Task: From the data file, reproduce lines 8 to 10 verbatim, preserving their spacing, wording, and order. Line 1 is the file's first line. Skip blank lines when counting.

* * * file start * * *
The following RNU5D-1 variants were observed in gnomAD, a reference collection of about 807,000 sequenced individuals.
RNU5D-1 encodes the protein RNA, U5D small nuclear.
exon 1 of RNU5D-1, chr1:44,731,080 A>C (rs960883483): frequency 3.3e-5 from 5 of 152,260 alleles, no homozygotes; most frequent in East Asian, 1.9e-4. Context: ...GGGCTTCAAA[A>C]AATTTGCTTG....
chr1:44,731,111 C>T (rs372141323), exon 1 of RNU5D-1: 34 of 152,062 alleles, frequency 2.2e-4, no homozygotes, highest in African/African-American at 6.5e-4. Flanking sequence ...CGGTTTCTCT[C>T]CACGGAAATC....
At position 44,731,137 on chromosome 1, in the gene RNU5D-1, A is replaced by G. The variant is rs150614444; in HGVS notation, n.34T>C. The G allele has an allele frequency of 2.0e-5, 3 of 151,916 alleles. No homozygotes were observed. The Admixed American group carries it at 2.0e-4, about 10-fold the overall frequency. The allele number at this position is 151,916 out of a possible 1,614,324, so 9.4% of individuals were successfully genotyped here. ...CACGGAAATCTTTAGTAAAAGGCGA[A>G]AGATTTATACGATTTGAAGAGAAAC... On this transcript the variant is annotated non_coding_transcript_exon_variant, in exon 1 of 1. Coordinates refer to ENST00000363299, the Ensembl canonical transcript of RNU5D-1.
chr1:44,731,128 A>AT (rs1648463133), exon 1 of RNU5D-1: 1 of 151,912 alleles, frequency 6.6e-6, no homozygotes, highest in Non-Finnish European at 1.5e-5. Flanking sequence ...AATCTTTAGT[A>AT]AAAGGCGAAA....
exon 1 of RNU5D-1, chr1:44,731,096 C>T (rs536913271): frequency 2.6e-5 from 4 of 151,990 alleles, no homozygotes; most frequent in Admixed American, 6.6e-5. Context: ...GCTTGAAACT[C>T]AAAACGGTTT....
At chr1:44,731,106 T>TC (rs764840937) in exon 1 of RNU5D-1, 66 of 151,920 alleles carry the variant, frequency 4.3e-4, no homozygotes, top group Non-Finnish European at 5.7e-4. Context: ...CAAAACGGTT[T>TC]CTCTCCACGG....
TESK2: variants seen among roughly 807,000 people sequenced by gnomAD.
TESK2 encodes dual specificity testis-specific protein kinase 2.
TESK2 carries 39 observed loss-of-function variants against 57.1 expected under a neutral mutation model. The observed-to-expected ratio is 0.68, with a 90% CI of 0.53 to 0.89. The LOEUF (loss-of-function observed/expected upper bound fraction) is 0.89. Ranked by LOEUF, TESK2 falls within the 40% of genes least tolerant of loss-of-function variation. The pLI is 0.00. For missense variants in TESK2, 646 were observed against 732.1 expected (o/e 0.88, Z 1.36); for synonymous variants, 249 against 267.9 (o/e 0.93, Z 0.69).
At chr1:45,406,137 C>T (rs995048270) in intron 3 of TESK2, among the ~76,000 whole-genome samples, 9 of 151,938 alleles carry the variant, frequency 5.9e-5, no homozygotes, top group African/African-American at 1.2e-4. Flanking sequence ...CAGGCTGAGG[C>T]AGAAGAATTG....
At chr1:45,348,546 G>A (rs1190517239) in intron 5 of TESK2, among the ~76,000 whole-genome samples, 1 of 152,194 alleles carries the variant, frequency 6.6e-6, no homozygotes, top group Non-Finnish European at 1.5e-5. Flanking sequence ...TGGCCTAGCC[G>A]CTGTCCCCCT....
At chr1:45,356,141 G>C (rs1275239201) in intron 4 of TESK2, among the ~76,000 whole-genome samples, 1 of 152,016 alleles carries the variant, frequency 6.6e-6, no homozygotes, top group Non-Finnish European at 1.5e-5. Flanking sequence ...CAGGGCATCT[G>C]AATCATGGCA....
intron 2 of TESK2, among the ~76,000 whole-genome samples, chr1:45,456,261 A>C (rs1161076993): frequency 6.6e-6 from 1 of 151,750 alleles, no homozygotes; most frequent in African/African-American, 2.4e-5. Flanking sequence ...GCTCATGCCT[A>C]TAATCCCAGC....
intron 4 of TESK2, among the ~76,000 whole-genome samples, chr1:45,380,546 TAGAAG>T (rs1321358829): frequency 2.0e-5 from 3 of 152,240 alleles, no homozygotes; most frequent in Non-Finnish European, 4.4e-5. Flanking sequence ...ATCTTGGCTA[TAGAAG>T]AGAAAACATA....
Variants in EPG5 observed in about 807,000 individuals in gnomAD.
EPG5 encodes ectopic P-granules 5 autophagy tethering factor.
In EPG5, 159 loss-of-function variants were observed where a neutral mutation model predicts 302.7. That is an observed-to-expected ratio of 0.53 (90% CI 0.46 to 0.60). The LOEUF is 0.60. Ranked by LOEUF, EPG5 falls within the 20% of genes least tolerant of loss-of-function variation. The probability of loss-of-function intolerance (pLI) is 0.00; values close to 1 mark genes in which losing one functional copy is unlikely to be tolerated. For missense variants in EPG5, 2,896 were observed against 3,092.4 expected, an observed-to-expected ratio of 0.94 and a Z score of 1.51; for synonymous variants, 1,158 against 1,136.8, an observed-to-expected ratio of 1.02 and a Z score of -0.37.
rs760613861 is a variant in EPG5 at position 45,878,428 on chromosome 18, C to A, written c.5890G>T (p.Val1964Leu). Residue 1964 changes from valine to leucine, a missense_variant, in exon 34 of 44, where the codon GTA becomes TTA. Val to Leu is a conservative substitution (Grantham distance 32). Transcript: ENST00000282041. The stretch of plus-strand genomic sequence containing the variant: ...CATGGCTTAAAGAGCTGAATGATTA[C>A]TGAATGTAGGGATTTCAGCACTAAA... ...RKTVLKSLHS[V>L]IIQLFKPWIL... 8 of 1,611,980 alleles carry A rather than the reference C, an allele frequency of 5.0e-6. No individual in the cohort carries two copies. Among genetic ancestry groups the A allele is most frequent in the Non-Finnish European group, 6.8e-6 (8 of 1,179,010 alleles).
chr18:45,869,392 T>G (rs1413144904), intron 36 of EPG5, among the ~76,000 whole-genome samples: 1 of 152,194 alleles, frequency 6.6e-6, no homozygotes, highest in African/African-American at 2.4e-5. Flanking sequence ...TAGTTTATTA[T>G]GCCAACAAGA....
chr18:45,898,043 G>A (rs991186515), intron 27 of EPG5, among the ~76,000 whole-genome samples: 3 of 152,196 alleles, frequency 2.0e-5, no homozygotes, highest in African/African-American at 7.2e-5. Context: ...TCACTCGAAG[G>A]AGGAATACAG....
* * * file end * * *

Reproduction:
At chr1:44,731,106 T>TC (rs764840937) in exon 1 of RNU5D-1, 66 of 151,920 alleles carry the variant, frequency 4.3e-4, no homozygotes, top group Non-Finnish European at 5.7e-4. Context: ...CAAAACGGTT[T>TC]CTCTCCACGG....
TESK2: variants seen among roughly 807,000 people sequenced by gnomAD.
TESK2 encodes dual specificity testis-specific protein kinase 2.